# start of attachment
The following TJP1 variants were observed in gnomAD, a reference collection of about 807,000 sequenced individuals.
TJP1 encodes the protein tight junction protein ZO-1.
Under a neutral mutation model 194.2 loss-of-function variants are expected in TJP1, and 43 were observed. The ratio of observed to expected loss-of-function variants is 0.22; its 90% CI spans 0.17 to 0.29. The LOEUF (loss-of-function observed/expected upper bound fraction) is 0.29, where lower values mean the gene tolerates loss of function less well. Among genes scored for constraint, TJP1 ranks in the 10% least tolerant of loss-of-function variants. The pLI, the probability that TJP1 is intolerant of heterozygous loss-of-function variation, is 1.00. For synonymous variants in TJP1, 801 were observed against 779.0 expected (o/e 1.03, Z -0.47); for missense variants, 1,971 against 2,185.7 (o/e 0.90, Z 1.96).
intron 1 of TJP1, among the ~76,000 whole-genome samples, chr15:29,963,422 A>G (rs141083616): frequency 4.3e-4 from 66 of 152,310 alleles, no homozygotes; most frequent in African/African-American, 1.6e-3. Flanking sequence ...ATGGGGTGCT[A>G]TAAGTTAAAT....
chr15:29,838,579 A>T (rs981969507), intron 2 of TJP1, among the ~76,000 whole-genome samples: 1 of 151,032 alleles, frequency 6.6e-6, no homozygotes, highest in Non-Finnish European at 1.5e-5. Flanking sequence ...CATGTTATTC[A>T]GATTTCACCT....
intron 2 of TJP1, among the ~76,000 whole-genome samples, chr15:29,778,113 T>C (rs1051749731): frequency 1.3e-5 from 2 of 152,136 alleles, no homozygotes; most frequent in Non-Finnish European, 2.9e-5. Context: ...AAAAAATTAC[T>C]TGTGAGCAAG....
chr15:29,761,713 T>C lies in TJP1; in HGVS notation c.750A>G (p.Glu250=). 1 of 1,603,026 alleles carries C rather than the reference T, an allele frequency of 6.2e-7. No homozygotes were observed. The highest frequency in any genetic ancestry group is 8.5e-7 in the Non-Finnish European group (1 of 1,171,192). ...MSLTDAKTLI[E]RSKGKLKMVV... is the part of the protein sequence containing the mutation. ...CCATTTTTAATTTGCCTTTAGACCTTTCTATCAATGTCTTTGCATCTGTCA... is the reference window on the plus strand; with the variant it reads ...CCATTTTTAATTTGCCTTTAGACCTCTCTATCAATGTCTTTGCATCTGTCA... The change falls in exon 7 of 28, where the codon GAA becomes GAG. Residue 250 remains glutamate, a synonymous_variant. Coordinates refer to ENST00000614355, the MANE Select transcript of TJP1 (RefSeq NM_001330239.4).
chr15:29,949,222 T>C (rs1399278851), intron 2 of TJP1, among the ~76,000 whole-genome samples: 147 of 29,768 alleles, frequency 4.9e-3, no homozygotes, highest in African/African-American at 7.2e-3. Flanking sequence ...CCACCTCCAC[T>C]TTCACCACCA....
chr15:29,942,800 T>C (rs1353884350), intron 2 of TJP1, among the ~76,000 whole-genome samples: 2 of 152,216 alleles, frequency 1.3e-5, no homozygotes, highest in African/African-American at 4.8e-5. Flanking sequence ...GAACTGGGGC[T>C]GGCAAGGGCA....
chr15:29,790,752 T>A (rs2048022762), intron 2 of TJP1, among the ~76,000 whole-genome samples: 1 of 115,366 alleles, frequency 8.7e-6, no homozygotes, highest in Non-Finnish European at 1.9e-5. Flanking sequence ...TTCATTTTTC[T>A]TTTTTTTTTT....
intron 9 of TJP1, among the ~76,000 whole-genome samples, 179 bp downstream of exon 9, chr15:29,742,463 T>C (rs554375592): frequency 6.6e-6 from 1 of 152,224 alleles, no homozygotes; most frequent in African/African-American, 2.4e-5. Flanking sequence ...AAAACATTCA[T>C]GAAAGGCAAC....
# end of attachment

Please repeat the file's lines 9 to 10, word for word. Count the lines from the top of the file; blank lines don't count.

chr15:29,942,800 T>C (rs1353884350), intron 2 of TJP1, among the ~76,000 whole-genome samples: 2 of 152,216 alleles, frequency 1.3e-5, no homozygotes, highest in African/African-American at 4.8e-5. Flanking sequence ...GAACTGGGGC[T>C]GGCAAGGGCA....
chr15:29,790,752 T>A (rs2048022762), intron 2 of TJP1, among the ~76,000 whole-genome samples: 1 of 115,366 alleles, frequency 8.7e-6, no homozygotes, highest in Non-Finnish European at 1.9e-5. Flanking sequence ...TTCATTTTTC[T>A]TTTTTTTTTT....